We have now learned how to create queries with SAP QuickView and SAP Query. As an example we used a SD Billing report. Why SD and not FI? Sales figures are pretty important for finance, but SAP does not provide sales reports with financial perspective. Accounts Receivable reports view sales as open items and payments.
Over the years I have created lots of queries for finance and auditors. Some examples are credit notes, export sales per country and currency, EU triangular sales, customer billing per profit center.
SD query serves well to present the basic functions of SAP Query, such as table joins. FI tables cannot be joined, why you need to use Logical Databases for financial queries.
Although creating a SAP Query might seem quite easy, a successful result requires understanding the data. You need to know, not only the tables used and how data is stored, also the logic of the application.
Especially SAP Sales Document queries of can be very challenging. Sometimes the query does not produce anything and sometimes the result is garbage. It pays off to plan the query carefully beforehand and validate the results many times. Even programmers, who make SD reports can easily go wrong.
Special problem areas are:
- organizational structures
The organizational structures in SD and FI are different. Our example query was made from the financial viewpoint, why we used the Company Code as organizational unit.
Company Code is not an organizational structure in sales. Sales clerks do not create sales orders to Company codes. They use Sales areas, which consist of Sales organization, distribution channel and division.
In configuration the Sales organization is assigned to the Company code.
- Assignments and hierarchies of master data
Both customers and materials are maintained on Sales area level.
The customer in SD has many partner roles, such as Sold-to party, Ship-to party, Bill-to party, Payer.
Hierarchies are closely connected with master data. Customers belong to customer hierarchy and materials to product hierarchy. Handling hierarchies in queries is awkward, if not impossible.
Because a query does not summarize rows, but shows all hits, there will often be dublicates. For example, if you make a query on Sales organization level, the customer 1000 in the picture appears twice. When you add distribution channel to the query, you can see the cause. The customer has sales on two different distribution channels (1000-10 and 1000-12).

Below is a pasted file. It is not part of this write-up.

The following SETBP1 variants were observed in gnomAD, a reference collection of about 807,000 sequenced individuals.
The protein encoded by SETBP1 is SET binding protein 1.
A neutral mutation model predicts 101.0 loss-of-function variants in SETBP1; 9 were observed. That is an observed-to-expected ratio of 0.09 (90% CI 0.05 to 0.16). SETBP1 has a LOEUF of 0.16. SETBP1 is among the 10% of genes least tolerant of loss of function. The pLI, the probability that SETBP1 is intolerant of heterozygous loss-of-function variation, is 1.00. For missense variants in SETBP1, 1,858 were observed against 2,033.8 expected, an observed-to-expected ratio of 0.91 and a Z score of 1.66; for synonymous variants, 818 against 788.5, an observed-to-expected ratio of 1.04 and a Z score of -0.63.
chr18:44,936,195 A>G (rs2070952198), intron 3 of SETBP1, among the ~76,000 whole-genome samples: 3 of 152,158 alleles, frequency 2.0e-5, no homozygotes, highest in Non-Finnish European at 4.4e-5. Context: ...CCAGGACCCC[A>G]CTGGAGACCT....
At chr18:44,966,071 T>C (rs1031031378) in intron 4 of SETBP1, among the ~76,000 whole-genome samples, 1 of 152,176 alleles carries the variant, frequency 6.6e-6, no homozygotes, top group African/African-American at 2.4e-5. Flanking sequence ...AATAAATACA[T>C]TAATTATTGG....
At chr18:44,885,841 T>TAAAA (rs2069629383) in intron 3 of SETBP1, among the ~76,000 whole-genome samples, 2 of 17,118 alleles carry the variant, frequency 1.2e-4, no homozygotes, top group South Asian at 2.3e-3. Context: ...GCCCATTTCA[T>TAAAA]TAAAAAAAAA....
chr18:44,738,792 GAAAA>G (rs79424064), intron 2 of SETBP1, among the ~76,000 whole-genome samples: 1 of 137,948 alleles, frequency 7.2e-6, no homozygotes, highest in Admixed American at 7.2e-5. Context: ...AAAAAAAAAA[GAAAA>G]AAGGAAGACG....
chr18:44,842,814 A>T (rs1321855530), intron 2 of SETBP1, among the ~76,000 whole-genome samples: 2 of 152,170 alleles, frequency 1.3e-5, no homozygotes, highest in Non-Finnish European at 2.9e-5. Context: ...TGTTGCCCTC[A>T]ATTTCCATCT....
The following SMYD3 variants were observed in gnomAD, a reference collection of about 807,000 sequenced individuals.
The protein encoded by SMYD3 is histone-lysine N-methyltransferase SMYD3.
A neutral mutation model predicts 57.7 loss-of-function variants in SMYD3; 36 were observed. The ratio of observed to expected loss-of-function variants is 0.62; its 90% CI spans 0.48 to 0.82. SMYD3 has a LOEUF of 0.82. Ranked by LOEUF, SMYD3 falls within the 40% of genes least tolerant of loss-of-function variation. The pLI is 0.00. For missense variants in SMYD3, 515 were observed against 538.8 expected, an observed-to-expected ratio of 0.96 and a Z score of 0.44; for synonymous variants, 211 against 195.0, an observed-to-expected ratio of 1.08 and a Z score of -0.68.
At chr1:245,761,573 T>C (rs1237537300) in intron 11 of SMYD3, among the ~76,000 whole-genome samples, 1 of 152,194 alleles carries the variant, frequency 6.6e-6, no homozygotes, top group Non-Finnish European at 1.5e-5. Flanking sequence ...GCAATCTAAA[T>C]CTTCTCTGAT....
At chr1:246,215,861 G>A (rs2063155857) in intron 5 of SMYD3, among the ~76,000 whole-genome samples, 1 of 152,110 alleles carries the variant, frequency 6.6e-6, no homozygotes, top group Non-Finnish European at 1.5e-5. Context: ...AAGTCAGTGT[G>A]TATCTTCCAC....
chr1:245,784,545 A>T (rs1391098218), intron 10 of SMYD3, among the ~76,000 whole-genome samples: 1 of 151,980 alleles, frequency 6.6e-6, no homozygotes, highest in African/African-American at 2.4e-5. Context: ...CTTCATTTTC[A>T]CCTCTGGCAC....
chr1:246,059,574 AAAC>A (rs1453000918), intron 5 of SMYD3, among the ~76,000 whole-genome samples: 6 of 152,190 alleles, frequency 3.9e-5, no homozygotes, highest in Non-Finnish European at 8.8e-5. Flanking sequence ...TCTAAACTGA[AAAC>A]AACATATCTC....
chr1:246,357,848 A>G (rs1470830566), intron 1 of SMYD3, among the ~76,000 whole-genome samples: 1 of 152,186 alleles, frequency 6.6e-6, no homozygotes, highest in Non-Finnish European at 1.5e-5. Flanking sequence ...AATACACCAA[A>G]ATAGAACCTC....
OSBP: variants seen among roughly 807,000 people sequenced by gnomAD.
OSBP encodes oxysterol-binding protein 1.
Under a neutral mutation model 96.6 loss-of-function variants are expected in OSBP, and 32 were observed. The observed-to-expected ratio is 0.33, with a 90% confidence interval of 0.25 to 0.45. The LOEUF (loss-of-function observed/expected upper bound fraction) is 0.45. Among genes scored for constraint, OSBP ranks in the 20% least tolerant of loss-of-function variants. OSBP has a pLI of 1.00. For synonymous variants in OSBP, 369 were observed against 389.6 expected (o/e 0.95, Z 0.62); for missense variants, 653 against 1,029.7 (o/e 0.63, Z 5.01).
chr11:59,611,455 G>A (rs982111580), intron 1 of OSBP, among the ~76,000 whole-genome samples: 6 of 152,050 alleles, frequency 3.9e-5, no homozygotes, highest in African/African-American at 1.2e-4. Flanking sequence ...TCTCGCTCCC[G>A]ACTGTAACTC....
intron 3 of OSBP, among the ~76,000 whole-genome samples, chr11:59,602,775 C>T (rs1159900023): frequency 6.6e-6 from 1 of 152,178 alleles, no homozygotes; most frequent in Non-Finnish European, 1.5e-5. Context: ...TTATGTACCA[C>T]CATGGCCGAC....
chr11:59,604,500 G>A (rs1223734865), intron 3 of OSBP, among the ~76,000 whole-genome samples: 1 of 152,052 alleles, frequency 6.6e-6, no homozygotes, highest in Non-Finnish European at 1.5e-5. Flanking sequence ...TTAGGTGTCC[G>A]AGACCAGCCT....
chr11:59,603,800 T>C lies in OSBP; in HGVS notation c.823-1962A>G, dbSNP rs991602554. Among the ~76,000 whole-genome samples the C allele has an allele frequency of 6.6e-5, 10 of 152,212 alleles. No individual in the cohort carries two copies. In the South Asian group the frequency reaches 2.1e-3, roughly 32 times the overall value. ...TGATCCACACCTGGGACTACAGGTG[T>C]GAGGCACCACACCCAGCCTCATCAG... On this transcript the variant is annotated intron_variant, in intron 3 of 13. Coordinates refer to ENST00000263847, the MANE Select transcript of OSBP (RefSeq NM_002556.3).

You will get duplicates also, when data is read from the wrong level. Earlier we saw an example of this, when the net sales was taken from header table instead of row table. As a result we got a report, where the same invoice appeared four times.
When you add the net value from the item table to the query, you find the cause of the problem. In the first Net value column the total amount of the invoice is repeated. Maybe the goal was to create a report that has the total per customer broken down by invoice rows. However, this is not how it is done.
In our example we encountered the problem of the keyfigure signs. The values are stored in the database as absolute values without signs. In the previous presentations a couple of solutions were suggested.
Sales figures are stored only in document currency along with the exhange rate. If you need the amounts also in local currency, you need to calculate it using the exhange rates. To do that you need to know how SAP handles the currencies. It varies from currency to currency. The quotation method can be direct or indirect. Some currencies have no decimal places (Japanese Yen), while some have translation ratios to allow more decimals.
- Debit and Credit notes only as monetary compensation
There are different debit and credit notes. Usually the value, quantity and cost change. But sometimes only the monetary value is corrected.
- Table joins: master data
In our QuickView query we joined the customer master table KNA1 to the billing tables in order to get the customer name in the result. This is not needed in SAP Query, where most characteristic have a text file attached.
It is not a good idea to join master data to sales tables. The master data could have changed after the sales transaction. The original values are saved in the sales documents. These values should be used in the queries.
Next, nonetheless, a presentation showing how to change the table join in SAP Query. The customer master table KNA1 is joided to the sales tables and the VAT number is added to the query.
You should not try anything complicated with SAP Query. For more advanced sales reporting for example COPA is a better choice.
Especially well it suits for marging reporting. COPA reports are updated during billing run. Currencies and signs are automatically correct. Reporting is possible also on customer- and product hierarchy levels. For calculation margings key figure schemes can be set up.
Implementing COPA requires configuration but creating the reports is very easy. COPA reports are DrillDown reports, which are created similarly as Report Painter reports.
I hope you have enjoyed my earlied posts and have already practiced creating your own queries. Don’t let setbacks discourage. With persistence and retrial you’ll become the Query Master, who is believed to know “everything about SAP”.